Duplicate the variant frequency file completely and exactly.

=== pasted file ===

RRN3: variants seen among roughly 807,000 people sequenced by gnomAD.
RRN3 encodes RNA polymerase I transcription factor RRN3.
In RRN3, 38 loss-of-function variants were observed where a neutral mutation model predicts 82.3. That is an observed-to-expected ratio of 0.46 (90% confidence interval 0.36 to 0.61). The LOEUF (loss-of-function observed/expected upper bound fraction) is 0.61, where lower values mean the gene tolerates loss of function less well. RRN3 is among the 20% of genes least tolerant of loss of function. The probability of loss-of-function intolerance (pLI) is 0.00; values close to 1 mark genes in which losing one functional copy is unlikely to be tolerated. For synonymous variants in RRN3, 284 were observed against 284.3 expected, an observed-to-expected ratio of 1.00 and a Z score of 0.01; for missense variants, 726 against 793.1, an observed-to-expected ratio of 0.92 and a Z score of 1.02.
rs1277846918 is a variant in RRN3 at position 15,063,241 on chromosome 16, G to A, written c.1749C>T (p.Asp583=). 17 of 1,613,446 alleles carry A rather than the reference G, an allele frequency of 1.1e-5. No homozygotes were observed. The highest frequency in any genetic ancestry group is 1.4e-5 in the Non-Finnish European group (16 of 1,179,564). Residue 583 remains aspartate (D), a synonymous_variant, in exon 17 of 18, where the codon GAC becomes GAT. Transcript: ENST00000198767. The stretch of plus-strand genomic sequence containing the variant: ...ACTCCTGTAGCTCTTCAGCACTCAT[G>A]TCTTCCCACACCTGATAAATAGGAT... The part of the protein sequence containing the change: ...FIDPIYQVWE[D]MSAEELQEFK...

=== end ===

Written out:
RRN3: variants seen among roughly 807,000 people sequenced by gnomAD.
RRN3 encodes RNA polymerase I transcription factor RRN3.
In RRN3, 38 loss-of-function variants were observed where a neutral mutation model predicts 82.3. That is an observed-to-expected ratio of 0.46 (90% confidence interval 0.36 to 0.61). The LOEUF (loss-of-function observed/expected upper bound fraction) is 0.61, where lower values mean the gene tolerates loss of function less well. RRN3 is among the 20% of genes least tolerant of loss of function. The probability of loss-of-function intolerance (pLI) is 0.00; values close to 1 mark genes in which losing one functional copy is unlikely to be tolerated. For synonymous variants in RRN3, 284 were observed against 284.3 expected, an observed-to-expected ratio of 1.00 and a Z score of 0.01; for missense variants, 726 against 793.1, an observed-to-expected ratio of 0.92 and a Z score of 1.02.
rs1277846918 is a variant in RRN3 at position 15,063,241 on chromosome 16, G to A, written c.1749C>T (p.Asp583=). 17 of 1,613,446 alleles carry A rather than the reference G, an allele frequency of 1.1e-5. No homozygotes were observed. The highest frequency in any genetic ancestry group is 1.4e-5 in the Non-Finnish European group (16 of 1,179,564). Residue 583 remains aspartate (D), a synonymous_variant, in exon 17 of 18, where the codon GAC becomes GAT. Transcript: ENST00000198767. The stretch of plus-strand genomic sequence containing the variant: ...ACTCCTGTAGCTCTTCAGCACTCAT[G>A]TCTTCCCACACCTGATAAATAGGAT... The part of the protein sequence containing the change: ...FIDPIYQVWE[D]MSAEELQEFK...